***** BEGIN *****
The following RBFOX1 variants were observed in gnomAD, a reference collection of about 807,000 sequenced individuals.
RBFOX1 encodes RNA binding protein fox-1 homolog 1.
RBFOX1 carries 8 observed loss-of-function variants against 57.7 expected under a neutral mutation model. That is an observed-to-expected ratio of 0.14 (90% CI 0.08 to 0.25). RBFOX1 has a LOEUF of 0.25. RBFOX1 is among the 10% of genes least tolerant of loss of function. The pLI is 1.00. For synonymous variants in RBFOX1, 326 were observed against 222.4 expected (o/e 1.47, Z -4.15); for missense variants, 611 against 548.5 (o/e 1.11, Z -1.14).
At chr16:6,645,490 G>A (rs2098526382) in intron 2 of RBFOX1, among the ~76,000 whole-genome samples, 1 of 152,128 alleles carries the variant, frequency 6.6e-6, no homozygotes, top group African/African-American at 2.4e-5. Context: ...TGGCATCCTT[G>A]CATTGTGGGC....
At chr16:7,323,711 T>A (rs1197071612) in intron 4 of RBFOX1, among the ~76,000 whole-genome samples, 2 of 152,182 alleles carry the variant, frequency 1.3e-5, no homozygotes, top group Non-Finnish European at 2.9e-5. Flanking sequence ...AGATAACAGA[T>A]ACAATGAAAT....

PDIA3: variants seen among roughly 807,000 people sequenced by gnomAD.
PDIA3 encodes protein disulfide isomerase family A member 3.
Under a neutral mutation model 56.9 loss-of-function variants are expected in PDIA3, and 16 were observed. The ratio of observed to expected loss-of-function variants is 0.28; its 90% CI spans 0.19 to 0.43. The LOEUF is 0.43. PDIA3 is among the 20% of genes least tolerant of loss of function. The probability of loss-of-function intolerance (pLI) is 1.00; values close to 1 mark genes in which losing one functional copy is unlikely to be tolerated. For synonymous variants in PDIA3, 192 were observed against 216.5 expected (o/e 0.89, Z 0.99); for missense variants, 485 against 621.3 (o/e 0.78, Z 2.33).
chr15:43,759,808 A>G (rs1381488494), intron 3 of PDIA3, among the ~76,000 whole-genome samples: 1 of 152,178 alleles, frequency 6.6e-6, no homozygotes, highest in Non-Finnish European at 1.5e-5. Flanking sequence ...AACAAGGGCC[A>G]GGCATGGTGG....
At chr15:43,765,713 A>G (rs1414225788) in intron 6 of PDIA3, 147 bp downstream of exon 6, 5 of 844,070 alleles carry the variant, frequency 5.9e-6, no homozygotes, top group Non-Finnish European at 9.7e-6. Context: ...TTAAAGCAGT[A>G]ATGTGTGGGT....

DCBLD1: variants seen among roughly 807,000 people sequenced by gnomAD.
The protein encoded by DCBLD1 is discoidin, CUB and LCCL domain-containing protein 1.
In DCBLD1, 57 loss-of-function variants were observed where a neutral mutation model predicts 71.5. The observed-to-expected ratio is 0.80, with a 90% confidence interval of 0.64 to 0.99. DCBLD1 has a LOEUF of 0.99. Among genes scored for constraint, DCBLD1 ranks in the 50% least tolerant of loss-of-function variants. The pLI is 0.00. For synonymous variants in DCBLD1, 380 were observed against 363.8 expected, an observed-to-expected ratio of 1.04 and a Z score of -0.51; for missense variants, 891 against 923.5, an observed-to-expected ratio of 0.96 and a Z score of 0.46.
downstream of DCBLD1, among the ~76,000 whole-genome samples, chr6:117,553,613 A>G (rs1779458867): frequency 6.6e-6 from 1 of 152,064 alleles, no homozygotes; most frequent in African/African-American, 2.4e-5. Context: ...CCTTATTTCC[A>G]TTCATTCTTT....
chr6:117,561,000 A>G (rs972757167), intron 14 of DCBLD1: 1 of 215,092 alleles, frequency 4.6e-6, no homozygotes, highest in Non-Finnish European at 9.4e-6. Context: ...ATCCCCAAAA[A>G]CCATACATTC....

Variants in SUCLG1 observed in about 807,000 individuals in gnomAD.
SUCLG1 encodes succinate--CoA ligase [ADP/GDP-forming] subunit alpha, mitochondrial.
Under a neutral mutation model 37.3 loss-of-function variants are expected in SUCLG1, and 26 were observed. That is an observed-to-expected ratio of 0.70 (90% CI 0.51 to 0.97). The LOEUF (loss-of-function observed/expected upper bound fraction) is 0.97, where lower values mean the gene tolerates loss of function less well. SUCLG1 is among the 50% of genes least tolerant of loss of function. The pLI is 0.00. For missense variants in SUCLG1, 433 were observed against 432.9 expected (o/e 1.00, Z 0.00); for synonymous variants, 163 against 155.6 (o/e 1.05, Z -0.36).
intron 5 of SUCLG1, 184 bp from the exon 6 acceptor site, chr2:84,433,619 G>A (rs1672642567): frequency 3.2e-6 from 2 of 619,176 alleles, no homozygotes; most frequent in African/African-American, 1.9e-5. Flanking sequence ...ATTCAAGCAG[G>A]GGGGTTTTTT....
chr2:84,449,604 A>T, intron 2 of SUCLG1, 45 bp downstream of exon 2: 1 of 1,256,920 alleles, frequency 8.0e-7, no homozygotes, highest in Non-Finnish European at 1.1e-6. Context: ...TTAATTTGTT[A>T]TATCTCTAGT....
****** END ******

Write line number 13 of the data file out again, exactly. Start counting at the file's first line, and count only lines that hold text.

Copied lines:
In DCBLD1, 57 loss-of-function variants were observed where a neutral mutation model predicts 71.5. The observed-to-expected ratio is 0.80, with a 90% confidence interval of 0.64 to 0.99. DCBLD1 has a LOEUF of 0.99. Among genes scored for constraint, DCBLD1 ranks in the 50% least tolerant of loss-of-function variants. The pLI is 0.00. For synonymous variants in DCBLD1, 380 were observed against 363.8 expected, an observed-to-expected ratio of 1.04 and a Z score of -0.51; for missense variants, 891 against 923.5, an observed-to-expected ratio of 0.96 and a Z score of 0.46.